30 August 1999
Our current howler (part I): Now he tells us
Synopsis: Kenneth Walsh knew the farm chores flap was a hoax. In best press corps style, he didnt say so.
Fathers and Sons,
Kenneth Walsh, U.S. News & World Report, 8/9/99
The analysts were steaming at the start of the month, when
they'd finished their U.S. News & World Reportbitter
over a bit of reporting by the journal's respected Kenneth Walsh.
In it, Walsh examined the "Daddy Factor" in the White
House campaigns of hopefuls Al Gore and George Bush. Midway through,
Walsh indulged in some psychiatrizing about Albert Jr.:
WALSH: Some associates say Gore's unblinking loyalty toward
his dad was replicated in his vehement defense of President Clinton,
another patron and mentor, during last year's Monica Lewinsky
Yep. By now it's been proven that unnamed Gore associates will
say just about anything you like about Gore. In fact, here at
DAILY HOWLER World Headquarters, we have a little rule about that.
If you don't like what unnamed Gore associates are saying, just
turn to a different newspaper.
But it was Walsh's next passage that brought our analysts right
out on their spartan study carrels' wooden chairs. On the subject
of young Gore's loyalty to his father, Walsh quoted the Gores'
WALSH: "Anything his daddy told him to do, he did,"
recalls [Mattie Lucy] Payne. "He was a child who always listened
to his parents, never talked back to them. He was a sweet boy."
Even as an adolescent, when his father would make him do tough
chores on the 250-acre family farm in Carthage during the summer,
young Al rarely complained. His father insisted that he work alongside
the hands, baling hay, herding some of the family's 600 head of
Black Angus cattle, mucking out hog bins, harvesting tobacco.
Once his father ordered him to clear a wooded field with a small
hand ax, a job that took all summer.
Say what? Walsh was reciting the part of Gore's life story
that disappeared down the memory hole this spring, when demonic
RNC chairman Jim Nicholson began his campaign of mad farm chores
faxing (links below to previous reports). In March, Nicholson
decided Gore's story was more appealing if Gore were portrayed
as a creature of Washington; he began faxing out misleading and
false reports disputing Gore's accounts of his youth. And for
three solid months, the obedient press corps ran from their fax
machines straight to their desks, and filled the press with exciting
reports of how Gore had misstated his past.
At the time, we pointed out the groaning problem with this
remarkable conduct. For the previous twelve years, a succession
of political writers had published Gore profiles in major newspapers
and magazines. And in almost every one of these major profiles,
the writers had detailed the very same chores that Nicholson's
faxes disputed. And, just as the farm chores flap was being ginned
up, Bob Zelnick had published his Regnery bio of Gore. Zelnick
gave detailed descriptions of this part of Gore's lifeand, in
his book's closing paragraph, ended up making the hillside plowing
the central metaphor of Gore's entire life.
Now it turns out that U.S. News' Walsh apparently knew
all along that the attacks on Gore's account were bogushad been
familiar all along with this long-established part of Gore's life.
In "Fathers and Sons," he described this era exactly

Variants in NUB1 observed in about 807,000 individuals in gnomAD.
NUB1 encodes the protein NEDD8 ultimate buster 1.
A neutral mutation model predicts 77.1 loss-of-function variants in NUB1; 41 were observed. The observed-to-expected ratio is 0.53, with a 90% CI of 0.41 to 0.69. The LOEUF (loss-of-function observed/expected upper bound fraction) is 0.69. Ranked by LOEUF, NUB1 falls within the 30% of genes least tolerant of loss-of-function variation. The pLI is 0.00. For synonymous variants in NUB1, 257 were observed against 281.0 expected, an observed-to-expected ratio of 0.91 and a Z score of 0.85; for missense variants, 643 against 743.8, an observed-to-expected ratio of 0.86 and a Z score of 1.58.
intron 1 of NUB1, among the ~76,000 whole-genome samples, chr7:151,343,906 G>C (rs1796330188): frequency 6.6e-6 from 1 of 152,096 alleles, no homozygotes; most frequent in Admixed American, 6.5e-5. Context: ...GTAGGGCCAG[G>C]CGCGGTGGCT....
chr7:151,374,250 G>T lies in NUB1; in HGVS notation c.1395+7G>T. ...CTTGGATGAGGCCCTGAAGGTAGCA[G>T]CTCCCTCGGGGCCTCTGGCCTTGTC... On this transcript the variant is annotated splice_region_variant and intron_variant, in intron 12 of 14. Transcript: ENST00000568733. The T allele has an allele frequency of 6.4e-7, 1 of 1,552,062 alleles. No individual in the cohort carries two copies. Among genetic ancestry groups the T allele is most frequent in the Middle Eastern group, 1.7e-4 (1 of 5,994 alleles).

as it had been described many times before in the press. But,
for three solid months while Gore was being savaged, Walsh sat
by and said not a word. The analystsfine and idealistic young
scholarswere troubled by Walsh's puzzling silence.
But welcome to the celebrity press corps, where the Code of
Silence runs deep and runs strong. It should hardly come as any
surprise that Walsh kept his counsel this year. To speak up at
the time would have flown in the face of the principle this press
corps holds most dear. Journalists simply don't correct other
journalistsno matter how wrong their reporting.
We saw "the vice president's dark side," Donald Lambro
wrote, when Gore "told farmers how he had...plowed steep hillsides
with a team of mules" (Washington Times, 3/25/99). Michael
Medved said that Gore's "fanciful recollections of a rustic
boyhood" showed us Gore's "delusional view of himself"
(USA Today, 4/15/99). Surely, Walsh wasn't the only scribe who
knew these abject slanders were false. But no one said a word
about it. No one dared stand up to colleagues and tell readers
the reports were sheer nonsense.
This week, we'll take a look at this timorous press corps'
abiding faith in the Code of Silence. Journalists simply don't
criticize journalists, not in this self-dealing crew. Meanwhile,
we've tried to explain to our upset analysts why the scribes behave
as they do. Maybe their dads didn't raise them up
right was pretty much the best excuse we could conjure.
Tomorrow: A piece in the Standard had spelled
it outjournalists don't rat on other journalists.
Visit our incomparable archives: The March-to-June Gore farm
chores flap has been the press debacle of the year. For our original
reporting on this mess, see THE DAILY HOWLER, 3/25/99 and 3/25/99
In April, we reported on Michael Kelly's changing views of
the chores. See THE DAILY HOWLER, 4/3/99. We also explored the
Weekly Standard's remarkably selective reporting. See THE
DAILY HOWLER, 4/5/99 (with a companion piece on the Washington
Post; see THE DAILY HOWLER, 4/5/99).
In May, Ceci Connolly tried to keep the story alive. See THE
DAILY HOWLER, 5/25/99. Finally, Diane Sawyer's embarrassing
20/20 "pop quiz" was the silliest performance of
the year. See THE DAILY HOWLER, 6/29/99. Be prepared to rethink
One final question before we quit. Where in Sam Hill was Kenneth
Walsh during all this nonsense? And where were all the other scribes
who must have known that these slanders were false?